Bush, Other G8 Leaders Poised to Break AIDS and Health Promises
Washington, DC (July 2, 2008) — One week before the start of the G8 summit in Hokkaido, Japan, a leaked copy of the latest version of the G8 communiqué contains no reference to the G8’s 2010 deadline for reaching universal access to AIDS treatment, prevention and care — a dramatic step backwards according to U.S. advocacy organizations.
At a White House press conference today, Mr. Bush spoke about the G8 commitments on health: “Last year, the G8 agreed to meet those [financial] commitments; they agreed to match. They also agreed to help us reduce malaria in affected countries by half. And I just – I hope that these countries understand the great promise and hope that comes when we help alleviate this suffering. And so one of my really important agenda items is . . . going to rally our partners to make commitments and meet commitments.”
Yet AIDS and health groups are alarmed by reports from those involved in negotiations and a story in the Financial Times on June 29, 2008, that suggested the deadline of 2010 would be eliminated and the existing G8 commitment to spend $60 billion fighting AIDS, tuberculosis and malaria and to strengthen health systems ‘over the coming years’ could be further weakened in this year’s communiqué.
Negotiators are debating the deadline for this $60 billion — with proposals ranging from 3 to 8 years. 2007 estimates of the global need to fund the fight against AIDS alone indicate that the G8 must provide $65 billion between 2008 and 2010 and nearly $10 billion to fight tuberculosis over that same period. According to advocacy organizations the $60 billion target is inadequate.
“We are alarmed that the wealthiest countries would turn an admittedly inadequate promise to fund the fight against AIDS, tuberculosis and malaria into a meaningless one,” said Joanne Carter, incoming executive director of RESULTS. “The G8 must ensure that its existing promise to invest $60 billion is kept by 2010, and supplemented by the additional resources needed.”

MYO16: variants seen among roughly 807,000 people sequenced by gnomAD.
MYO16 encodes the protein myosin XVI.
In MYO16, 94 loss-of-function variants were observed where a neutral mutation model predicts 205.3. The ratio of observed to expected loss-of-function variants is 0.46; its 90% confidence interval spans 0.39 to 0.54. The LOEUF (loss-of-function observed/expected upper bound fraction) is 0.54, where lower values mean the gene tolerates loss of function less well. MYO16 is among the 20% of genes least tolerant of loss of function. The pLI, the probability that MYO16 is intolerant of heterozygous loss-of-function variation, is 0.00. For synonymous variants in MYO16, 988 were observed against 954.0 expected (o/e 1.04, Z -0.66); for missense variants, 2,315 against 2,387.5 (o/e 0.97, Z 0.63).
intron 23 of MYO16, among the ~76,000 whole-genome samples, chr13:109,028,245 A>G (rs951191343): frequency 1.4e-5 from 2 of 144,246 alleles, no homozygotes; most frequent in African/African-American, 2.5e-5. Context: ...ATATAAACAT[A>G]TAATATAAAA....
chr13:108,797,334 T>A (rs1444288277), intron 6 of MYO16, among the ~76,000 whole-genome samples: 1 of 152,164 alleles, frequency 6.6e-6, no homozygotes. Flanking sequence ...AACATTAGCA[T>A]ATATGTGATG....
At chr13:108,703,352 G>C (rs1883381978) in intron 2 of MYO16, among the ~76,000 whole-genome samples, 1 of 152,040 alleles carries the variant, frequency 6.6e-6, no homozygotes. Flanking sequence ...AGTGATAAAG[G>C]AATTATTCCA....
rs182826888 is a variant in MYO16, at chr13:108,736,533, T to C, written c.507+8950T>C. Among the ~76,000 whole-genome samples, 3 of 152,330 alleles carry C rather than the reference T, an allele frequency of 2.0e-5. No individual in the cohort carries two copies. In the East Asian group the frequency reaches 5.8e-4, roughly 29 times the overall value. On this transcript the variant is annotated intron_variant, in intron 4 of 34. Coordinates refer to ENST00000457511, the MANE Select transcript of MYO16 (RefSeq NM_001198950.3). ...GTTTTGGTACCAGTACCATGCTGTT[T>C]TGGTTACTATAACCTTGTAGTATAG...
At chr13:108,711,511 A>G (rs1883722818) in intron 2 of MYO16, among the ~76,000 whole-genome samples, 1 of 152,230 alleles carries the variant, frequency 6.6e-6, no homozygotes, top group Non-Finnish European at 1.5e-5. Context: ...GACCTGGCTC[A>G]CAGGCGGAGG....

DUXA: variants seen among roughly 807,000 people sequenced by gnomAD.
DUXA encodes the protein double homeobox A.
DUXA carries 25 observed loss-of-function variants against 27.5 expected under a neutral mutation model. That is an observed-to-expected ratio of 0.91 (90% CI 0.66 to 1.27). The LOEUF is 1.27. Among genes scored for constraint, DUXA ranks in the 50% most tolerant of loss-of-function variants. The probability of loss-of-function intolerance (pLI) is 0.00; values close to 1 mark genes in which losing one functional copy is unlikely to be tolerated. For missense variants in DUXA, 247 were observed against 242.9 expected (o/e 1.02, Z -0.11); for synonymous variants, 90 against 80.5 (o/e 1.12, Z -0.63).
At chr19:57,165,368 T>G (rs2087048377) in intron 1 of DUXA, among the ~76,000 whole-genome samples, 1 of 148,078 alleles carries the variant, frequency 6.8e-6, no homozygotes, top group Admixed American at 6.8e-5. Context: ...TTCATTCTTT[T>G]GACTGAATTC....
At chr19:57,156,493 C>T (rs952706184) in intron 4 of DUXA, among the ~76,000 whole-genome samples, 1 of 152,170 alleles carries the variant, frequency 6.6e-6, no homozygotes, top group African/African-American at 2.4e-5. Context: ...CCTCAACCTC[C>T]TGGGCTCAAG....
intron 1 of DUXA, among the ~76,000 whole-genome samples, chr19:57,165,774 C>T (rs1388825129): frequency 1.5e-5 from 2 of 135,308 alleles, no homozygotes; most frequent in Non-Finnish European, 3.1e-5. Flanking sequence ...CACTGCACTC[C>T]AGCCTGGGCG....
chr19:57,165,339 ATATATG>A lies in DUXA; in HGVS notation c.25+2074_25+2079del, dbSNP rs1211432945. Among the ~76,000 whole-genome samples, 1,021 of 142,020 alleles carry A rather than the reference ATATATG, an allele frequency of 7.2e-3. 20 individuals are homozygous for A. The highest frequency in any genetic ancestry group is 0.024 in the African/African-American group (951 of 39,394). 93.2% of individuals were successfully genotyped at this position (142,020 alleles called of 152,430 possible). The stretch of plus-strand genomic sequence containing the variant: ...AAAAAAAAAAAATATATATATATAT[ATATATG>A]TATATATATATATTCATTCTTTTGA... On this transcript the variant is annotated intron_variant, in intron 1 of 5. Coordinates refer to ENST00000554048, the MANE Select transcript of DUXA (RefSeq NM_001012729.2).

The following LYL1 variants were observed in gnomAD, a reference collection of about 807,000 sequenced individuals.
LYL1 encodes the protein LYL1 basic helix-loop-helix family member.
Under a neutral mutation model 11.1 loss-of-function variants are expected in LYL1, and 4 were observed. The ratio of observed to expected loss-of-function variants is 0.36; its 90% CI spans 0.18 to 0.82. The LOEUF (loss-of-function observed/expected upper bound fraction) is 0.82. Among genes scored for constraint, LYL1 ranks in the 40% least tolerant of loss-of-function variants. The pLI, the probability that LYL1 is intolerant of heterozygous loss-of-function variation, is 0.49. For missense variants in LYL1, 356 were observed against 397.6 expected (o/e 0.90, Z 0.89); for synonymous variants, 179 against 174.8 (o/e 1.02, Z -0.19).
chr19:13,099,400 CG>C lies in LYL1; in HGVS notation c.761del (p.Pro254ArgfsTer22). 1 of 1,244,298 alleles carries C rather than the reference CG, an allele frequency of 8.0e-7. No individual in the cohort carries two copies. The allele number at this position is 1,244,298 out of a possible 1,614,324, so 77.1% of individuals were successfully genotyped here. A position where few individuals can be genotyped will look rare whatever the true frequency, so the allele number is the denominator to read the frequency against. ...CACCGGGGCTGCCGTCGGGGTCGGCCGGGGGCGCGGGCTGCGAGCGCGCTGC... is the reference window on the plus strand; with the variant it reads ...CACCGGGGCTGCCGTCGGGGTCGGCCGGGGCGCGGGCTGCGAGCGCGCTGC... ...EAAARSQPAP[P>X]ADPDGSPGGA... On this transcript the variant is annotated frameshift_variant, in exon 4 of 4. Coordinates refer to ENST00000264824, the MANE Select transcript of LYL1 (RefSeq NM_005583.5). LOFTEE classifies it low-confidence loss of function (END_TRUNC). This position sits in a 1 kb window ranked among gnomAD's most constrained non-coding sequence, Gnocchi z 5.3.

“This is not about language in a document, but about the promise of life-saving treatment, prevention, and care for millions of people,” said Pat Daoust, MSN, RN, Health Action AIDS Campaign director at Physicians for Human Rights. “The G8 leaders must not send the signal that their specific promise to keep people alive one year might be abandoned to vague language the next.”
A bill reauthorizing the PEPFAR bilateral global AIDS, tuberculosis and malaria programs at a level of $50 billion over five years is expected to be passed in Congress in the near future with broad bipartisan support. However, without concrete targets in the upcoming G8 communiqué, advocacy organizations are concerned that the Bush administration is missing an opportunity to challenge the other G8 countries to scale up their investments in AIDS, tuberculosis and malaria.
The G8 leaders are continuing to debate references to other priorities in the communiqué, including increasing the number of trained and supported health workers in Africa. Conservative global estimates indicate that Africa alone needs to double its workforce by 1.5 million health workers in order to meet critical health targets. “Educating, hiring and retaining these health workers will take billions more, and the G8 is refusing to made those financial commitments which are urgently needed to save lives,” said Asia Russell, director of international policy for Health GAP.